In his Baccalaureate address, Lawrence H. Summers spoke to the graduating seniors less as Harvard’s president and more as an honorary member of the Class of 2005, which, in a manner of speaking, he is.
Although he is not graduating with the class, Summers did arrive at Harvard around the same time they moved into their freshman dorms, and that sense of starting out together has given him a feeling of kinship with this group of undergraduates.
“One thousand three hundred sixty-seven days ago under the trees outside this building, we began our Harvard educations,” he said.
Summers spoke of the terrible disruption that occurred while both he and they were just settling into their respective roles at Harvard – the terrorist attacks of Sept. 11, 2001. He described his feelings of uncertainty as he delivered morning prayers at the Memorial Church on Sept. 21, and his belief that the most positive response he could make to these frightening events was to affirm the values that Harvard has always represented.
“I thought that by teaching and learning we could do our part to uphold civility and reason. Whatever was on the syllabus, there was also what the syllabus stood for: human exchange, shared work, and constructive purpose.”
Eventually, the events of 9/11 receded and the rhythms of academic life began to reassert themselves. But for the freshmen, as well as for Summers, there were still challenges to be met.
“Fairly quickly, I’d guess, many things happened here that threw you a little off stride. You wrote a paper that would have won you kudos in your high school, but here earned you a B-. You found your long-cherished dreams of pursuing a particular career impeded by the fact that you actually found the subject boring, or, worse, by your mediocre mastery of it.”
Summers compared the setbacks the students experienced with the struggles he encountered as he tried to make a transition from the world of Washington politics to the world of Harvard.
“The fact was that the skills I had honed and the moves I had learned in my days as an economist and in government struck some people as … well, let’s just say they found them less than suave.”
Finding themselves out of their element, faced with problems they did not feel equipped to deal with, both Harvard’s president and its entering class may have had similar feelings.
“What had happened to all those reporters wanting to hear my latest thoughts on the yen? Where, you may have found yourself wondering, was the indelible glory of your Herculean high school feats of wonder?”
As the years passed, however, the students found their way out of these initial difficulties, gained confidence, and discovered activities that enriched their academic experiences. But that growth experience, however gratifying, would be only one in a series in which they would be required to adapt to new circumstances, Summers told them.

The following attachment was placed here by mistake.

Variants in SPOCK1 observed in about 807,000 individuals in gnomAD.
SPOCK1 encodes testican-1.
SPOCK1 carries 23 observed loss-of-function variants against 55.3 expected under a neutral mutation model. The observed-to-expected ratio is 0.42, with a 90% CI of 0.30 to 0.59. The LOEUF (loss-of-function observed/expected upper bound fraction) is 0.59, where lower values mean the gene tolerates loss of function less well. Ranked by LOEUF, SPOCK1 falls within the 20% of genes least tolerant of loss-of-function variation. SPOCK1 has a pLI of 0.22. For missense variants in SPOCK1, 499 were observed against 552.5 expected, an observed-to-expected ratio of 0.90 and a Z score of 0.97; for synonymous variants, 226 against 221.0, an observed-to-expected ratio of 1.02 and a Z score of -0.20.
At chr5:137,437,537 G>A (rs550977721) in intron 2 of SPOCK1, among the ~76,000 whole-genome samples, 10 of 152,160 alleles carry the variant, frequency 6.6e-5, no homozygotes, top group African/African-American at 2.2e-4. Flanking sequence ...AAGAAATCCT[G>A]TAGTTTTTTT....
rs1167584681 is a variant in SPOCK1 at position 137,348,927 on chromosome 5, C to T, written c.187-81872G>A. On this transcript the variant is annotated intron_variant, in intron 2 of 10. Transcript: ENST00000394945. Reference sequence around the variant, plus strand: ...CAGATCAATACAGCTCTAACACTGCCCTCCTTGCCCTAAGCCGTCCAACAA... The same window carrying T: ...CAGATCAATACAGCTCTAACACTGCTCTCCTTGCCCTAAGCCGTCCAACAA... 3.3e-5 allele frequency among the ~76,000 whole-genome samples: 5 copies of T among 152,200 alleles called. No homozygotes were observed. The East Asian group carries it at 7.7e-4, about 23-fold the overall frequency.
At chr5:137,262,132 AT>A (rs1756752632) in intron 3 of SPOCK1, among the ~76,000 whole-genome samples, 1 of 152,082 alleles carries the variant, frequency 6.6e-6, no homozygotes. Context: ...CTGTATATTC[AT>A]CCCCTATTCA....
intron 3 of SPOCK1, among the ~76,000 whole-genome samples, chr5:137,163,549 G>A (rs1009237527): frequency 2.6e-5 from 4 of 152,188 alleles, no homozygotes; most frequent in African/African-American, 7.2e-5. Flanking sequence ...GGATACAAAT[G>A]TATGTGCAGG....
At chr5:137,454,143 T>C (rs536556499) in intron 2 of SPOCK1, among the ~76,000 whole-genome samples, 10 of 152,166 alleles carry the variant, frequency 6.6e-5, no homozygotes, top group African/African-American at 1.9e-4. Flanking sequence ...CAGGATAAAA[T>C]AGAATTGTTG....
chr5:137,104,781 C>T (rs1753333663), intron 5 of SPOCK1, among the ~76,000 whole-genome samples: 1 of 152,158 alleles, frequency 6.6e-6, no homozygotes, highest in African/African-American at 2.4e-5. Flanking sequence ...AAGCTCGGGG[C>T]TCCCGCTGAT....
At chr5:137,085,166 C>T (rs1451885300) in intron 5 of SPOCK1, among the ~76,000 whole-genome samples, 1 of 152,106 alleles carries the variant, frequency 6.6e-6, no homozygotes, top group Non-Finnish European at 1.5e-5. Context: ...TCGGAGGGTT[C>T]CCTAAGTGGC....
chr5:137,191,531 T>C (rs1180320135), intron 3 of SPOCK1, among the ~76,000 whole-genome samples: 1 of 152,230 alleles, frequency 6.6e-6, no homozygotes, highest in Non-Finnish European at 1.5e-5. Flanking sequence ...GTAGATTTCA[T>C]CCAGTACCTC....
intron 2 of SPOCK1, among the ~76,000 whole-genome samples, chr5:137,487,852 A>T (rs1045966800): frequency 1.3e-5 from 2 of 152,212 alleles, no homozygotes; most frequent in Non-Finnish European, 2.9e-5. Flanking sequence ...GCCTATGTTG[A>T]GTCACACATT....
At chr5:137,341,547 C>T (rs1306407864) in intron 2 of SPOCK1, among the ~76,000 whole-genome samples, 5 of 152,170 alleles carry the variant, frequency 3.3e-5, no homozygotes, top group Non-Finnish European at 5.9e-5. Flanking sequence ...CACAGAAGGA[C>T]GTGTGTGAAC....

“Within a few months, no matter what your resume says, you’ll be at square one and relying, essentially, on your capacities in a new environment. What will matter then will be your ability to adapt to the customs, ways, and rhythms of a new situation and show how you can contribute.”
This ability to draw on one’s own innate capacity and to adapt to new situations corresponds to what Ralph Waldo Emerson described as “thinking,” as opposed to the mere accumulation of knowledge, Summers said.
“Which is to say that your diploma, of which you should be proud, will not do your thinking for you. Nor will most of the specific historical facts, mathematical theorems, philosophical doctrines, economic data, or works of matchless art you learned at Harvard. Fresh occasions will require fresh combinations, which you, yourself, will have to fashion as you go. Nothing worth thinking about has a ready answer.”
But where a Harvard education may be of help, Summers said, is in training the mind to look beneath the surface of things, to analyze problems, and to argue logically and cogently. Armed with these tools, students may be able to make valuable contributions to a world much in need of solutions.
“If you have come to understand how rare are so many of the values that we take for granted – freedom of expression, of exchange, freedom from profound material need – you will see how much scope for action you have in the world, and how much there is for you to do.”
Summers hailed the power of original thinking, in Emerson’s sense, to transcend library walls and university gates and to penetrate into the world beyond.
“One of the majestic gates to this Yard bears a simple inscription: ‘Enter to grow in wisdom.’ Four years ago, you came through those gates. I came with you. I hope you are the wiser for it. I know that I am.”